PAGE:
RockShox announced the availability of its Monarch and Monarch Plus DebonAir shocks for select Trek and Specialized bikes. Treks have required a special ‘trunnion’ style mounting hole and Specialized bikes have non-standard shock mounts as well a their Autosag feature so using aftermarket shocks has been a difficult endeavor in the past.
RockShox invested all the R&D and testing required and they’re now giving owners of these bikes the opportunity to use their new rear shock technology. For each bike they worked with the manufacturer to get the shock rate requirements for that particular bike, then they performed several rounds of bike testing in their Colorado Springs facility. Thus, there is a a shock model made specifically for each bike in the list below. And in general, the Monarch DebonAir is used for the shorter travel bikes, while the Monarch Plus DebonAir, distinguished by the external reservoir, is spec’d for the higher travel bikes.
On the day of this announcement, we had the opportunity to try the Monarch DebonAir on our Trek Fuel EX 29er. This bike has been a versatile member of our bike stable as it climbs and carves and is quite capable on descents. But we were always left wondering ‘what if’ we can put another rear shock on this frame. It just wasn’t a possibility because there was no shock that would fit or was tuned for this bike.
But PR Coordinator Duncan Riffle knocked on our office door and showed up with a whole battery of new products and he installed the Monarch Debonair on our bike. But before he performed the swap, Duncan suggested we take the bike and stock rear shock out first our local test loop and establish a baseline for comparison. He then performed the rear shock swap at the trailhead and we did the identical lap and beyond.
Note that the FOX DRCV rear shock is no joke. We feel that it is one of the great rear shocks out there, as it has propelled Trek’s growth in the full-suspension market. Its twin-can air chamber promises a more linear, bottomless suspension feel and it has allowed the Trek Fuel to deliver good comfort and control in many different environments.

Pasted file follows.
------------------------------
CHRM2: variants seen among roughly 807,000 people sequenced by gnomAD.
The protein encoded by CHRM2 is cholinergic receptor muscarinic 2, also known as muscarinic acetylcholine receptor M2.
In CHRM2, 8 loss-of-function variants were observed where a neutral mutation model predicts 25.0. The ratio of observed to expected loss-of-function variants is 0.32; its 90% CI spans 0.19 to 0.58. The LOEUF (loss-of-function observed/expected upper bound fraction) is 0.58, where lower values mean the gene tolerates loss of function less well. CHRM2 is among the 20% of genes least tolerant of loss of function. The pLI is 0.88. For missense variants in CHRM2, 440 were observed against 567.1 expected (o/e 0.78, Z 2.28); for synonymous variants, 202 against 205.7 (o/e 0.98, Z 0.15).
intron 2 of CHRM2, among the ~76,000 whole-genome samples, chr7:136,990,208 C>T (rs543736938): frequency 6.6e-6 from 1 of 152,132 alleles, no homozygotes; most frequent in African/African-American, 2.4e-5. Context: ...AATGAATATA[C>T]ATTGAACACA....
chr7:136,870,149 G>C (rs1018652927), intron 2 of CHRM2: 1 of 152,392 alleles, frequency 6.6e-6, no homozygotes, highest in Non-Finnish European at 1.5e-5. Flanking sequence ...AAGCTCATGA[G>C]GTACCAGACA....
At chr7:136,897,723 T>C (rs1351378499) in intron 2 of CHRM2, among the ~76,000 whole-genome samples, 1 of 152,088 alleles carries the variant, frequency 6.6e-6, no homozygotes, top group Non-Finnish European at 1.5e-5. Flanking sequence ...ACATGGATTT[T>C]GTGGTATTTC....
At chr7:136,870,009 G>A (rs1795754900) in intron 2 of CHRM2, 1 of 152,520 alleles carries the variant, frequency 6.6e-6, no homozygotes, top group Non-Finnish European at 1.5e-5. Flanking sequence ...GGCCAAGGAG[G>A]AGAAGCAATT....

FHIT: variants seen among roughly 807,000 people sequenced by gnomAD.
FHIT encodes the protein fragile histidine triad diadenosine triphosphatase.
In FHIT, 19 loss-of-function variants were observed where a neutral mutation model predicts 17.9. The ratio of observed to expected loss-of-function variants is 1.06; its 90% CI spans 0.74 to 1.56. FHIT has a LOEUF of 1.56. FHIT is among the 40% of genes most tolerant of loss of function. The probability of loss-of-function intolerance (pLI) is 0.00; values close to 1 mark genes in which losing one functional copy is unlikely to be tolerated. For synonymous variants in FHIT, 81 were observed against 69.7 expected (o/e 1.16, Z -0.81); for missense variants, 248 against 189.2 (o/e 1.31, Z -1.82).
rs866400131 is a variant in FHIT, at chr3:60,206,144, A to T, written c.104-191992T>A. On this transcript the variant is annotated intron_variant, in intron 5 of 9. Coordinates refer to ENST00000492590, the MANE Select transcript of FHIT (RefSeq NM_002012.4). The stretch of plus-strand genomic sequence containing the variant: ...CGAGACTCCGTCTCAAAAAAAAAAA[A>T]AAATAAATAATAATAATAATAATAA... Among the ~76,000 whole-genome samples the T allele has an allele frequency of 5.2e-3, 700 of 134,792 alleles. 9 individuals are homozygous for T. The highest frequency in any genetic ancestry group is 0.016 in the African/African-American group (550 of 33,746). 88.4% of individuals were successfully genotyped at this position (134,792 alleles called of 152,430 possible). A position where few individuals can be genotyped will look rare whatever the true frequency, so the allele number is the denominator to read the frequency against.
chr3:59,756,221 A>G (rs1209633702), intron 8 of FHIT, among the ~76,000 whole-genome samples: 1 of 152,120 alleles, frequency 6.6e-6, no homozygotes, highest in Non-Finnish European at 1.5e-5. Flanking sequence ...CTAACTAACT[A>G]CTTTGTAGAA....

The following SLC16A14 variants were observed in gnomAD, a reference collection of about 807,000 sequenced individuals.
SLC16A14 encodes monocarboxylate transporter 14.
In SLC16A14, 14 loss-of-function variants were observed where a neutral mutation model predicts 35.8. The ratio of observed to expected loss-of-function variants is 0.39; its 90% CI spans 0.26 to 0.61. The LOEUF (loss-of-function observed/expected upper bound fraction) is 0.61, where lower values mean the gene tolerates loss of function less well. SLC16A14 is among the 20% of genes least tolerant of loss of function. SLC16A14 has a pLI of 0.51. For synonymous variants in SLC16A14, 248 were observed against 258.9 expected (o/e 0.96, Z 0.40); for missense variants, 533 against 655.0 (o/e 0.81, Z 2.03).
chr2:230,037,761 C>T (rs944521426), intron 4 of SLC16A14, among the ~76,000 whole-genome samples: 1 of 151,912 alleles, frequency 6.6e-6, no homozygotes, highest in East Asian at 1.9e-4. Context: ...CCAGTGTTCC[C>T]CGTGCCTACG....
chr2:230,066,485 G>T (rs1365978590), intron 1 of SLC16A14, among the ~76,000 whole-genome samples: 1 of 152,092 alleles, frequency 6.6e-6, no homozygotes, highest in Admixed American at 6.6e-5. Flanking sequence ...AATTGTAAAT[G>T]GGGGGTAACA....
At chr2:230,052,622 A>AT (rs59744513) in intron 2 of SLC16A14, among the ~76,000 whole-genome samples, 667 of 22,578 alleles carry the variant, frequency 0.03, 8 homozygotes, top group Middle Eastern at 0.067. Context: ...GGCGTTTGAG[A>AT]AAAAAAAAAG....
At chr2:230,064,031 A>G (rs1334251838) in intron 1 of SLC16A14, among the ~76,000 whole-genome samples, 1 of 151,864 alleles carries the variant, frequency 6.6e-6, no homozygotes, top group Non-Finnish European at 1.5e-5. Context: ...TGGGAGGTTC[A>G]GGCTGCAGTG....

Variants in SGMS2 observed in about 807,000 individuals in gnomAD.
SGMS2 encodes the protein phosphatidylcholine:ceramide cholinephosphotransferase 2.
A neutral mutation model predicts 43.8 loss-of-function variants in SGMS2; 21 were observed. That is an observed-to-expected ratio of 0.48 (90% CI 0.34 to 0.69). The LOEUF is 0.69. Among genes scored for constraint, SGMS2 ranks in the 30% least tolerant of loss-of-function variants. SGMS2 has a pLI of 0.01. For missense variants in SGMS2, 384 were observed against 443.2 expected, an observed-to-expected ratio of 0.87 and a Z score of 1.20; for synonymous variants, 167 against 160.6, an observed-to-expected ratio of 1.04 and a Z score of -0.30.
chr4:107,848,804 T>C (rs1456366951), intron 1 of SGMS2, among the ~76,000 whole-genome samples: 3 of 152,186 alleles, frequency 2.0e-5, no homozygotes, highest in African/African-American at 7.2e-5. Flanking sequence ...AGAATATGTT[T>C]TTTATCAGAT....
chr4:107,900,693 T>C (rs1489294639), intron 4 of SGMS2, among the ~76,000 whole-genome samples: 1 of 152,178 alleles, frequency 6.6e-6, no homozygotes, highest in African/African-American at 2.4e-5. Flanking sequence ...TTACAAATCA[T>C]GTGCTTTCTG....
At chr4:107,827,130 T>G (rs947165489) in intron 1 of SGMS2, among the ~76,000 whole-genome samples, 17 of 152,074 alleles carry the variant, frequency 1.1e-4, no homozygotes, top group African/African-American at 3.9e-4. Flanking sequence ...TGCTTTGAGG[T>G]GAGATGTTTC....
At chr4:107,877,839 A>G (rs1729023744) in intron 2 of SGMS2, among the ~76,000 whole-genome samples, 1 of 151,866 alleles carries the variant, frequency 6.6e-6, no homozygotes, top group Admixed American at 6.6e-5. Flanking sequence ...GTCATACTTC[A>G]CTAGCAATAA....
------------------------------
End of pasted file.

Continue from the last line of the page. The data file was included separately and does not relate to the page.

Riding the Monarch DebonAir
We got the air pressures dialed in and got the rear shock to sag deep in its travel (about 30%). The rear felt smooth with very little ‘breakaway’ force required to initiate travel and there was no ‘notchiness’ to overcome typical of other shocks. I was a bit concerned that this rear shock plushness would be inefficient on climbs and I would have to ride in ‘Trail’ mode. But Duncan insisted I spend time in the ‘Descent’ or Wide Open mode and get to know it a bit.
A better Wide Open mode
I told Duncan that I wished for a more useable ‘Trail’ mode in rear shocks and he disagreed and said what we need is a better ‘Wide Open’ mode. In the end, I realized that we were talking about the same thing, as there is clearly a need for rear shock mode that riders can use 90% of the time that is less of a compromise. It needs to climb well and descend well with minimal compromise. This will allow the rider to just ride with all the benefits of suspension, while still transferring power efficiently. The rider can still play with the remote mode switches but that becomes the exception and not the norm of a typical ride.